A randomized, controlled trial of the pan-PPAR agonist lanifibranor in NASH

Native Study Group, Sven M. Francque, Pierre Bedossa, Vlad Ratziu, Quentin M. Anstee, Elisabetta Bugianesi, Arun J. Sanyal, Rohit Loomba, Stephen A. Harrison, Rozalina Balabanska, Lyudmila Mateva, Nicolas Lanthier, Naim Alkhouri, Christophe Moreno, Jörn M. Schattenberg, Diana Stefanova-Petrova, Luisa Vonghia, Régine Rouzier, Maeva Guillaume, Alexander HodgeManuel Romero-Gómez, Philippe Huot-Marchand, Martine Baudin, Marie Paule Richard, Jean Louis Abitbol, Pierre Broqua, Jean Louis Junien, Manal F. Abdelmalek

Research output: Contribution to journalArticlepeer-review

2 Citations (Scopus)

Abstract

Background: Management of nonalcoholic steatohepatitis (NASH) is an unmet clinical need. Lanifibranor is a pan-PPAR (peroxisome proliferator-activated receptor) agonist that modulates key metabolic, inflammatory, and fibrogenic pathways in the pathogenesis of NASH.

Methods: In this phase 2b, double-blind, randomized, placebo-controlled trial, patients with noncirrhotic, highly active NASH were randomly assigned in a 1:1:1 ratio to receive 1200 mg or 800 mg of lanifibranor or placebo once daily for 24 weeks. The primary end point was a decrease of at least 2 points in the SAF-A score (the activity part of the Steatosis, Activity, Fibrosis [SAF] scoring system that incorporates scores for ballooning and inflammation) without worsening of fibrosis; SAF-A scores range from 0 to 4, with higher scores indicating more-severe disease activity. Secondary end points included resolution of NASH and regression of fibrosis.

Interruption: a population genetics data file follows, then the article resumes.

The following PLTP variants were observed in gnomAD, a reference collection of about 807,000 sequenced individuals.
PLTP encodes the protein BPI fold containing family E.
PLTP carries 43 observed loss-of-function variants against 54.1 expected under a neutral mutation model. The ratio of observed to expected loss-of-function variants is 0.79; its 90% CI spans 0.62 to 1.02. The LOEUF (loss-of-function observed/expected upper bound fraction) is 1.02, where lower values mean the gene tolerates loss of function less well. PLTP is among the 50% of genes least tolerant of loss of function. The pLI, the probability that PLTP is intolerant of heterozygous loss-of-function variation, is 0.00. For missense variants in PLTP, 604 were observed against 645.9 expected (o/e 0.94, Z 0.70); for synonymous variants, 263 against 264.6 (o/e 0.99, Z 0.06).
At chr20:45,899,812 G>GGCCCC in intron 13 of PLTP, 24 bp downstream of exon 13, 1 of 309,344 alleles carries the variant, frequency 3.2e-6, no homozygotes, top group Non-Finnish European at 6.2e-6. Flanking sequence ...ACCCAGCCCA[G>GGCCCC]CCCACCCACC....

Results: A total of 247 patients underwent randomization, of whom 103 (42%) had type 2 diabetes mellitus and 188 (76%) had significant (moderate) or advanced fibrosis. The percentage of patients who had a decrease of at least 2 points in the SAF-A score without worsening of fibrosis was significantly higher among those who received the 1200-mg dose, but not among those who received the 800-mg dose, of lanifibranor than among those who received placebo (1200-mg dose vs. placebo, 55% vs. 33%, P = 0.007; 800-mg dose vs. placebo, 48% vs. 33%, P = 0.07). The results favored both the 1200-mg and 800-mg doses of lanifibranor over placebo for resolution of NASH without worsening of fibrosis (49% and 39%, respectively, vs. 22%), improvement in fibrosis stage of at least 1 without worsening of NASH (48% and 34%, respectively, vs. 29%), and resolution of NASH plus improvement in fibrosis stage of at least 1 (35% and 25%, respectively, vs. 9%). Liver enzyme levels decreased and the levels of the majority of lipid, inflammatory, and fibrosis biomarkers improved in the lanifibranor groups. The dropout rate for adverse events was less than 5% and was similar across the trial groups. Diarrhea, nausea, peripheral edema, anemia, and weight gain occurred more frequently with lanifibranor than with placebo.

Conclusions: In this phase 2b trial involving patients with active NASH, the percentage of patients who had a decrease of at least 2 points in the SAF-A score without worsening of fibrosis was significantly higher with the 1200-mg dose of lanifibranor than with placebo. These findings support further assessment of lanifibranor in phase 3 trials. (Funded by Inventiva Pharma; NATIVE ClinicalTrials.gov number, NCT03008070.).

Copyright © 2021 Massachusetts Medical Society.
Original languageEnglish
Pages (from-to)1547-1558
Number of pages12
JournalThe New England Journal of Medicine
Volume385
Issue number17
DOIs
Publication statusPublished - 21 Oct 2021

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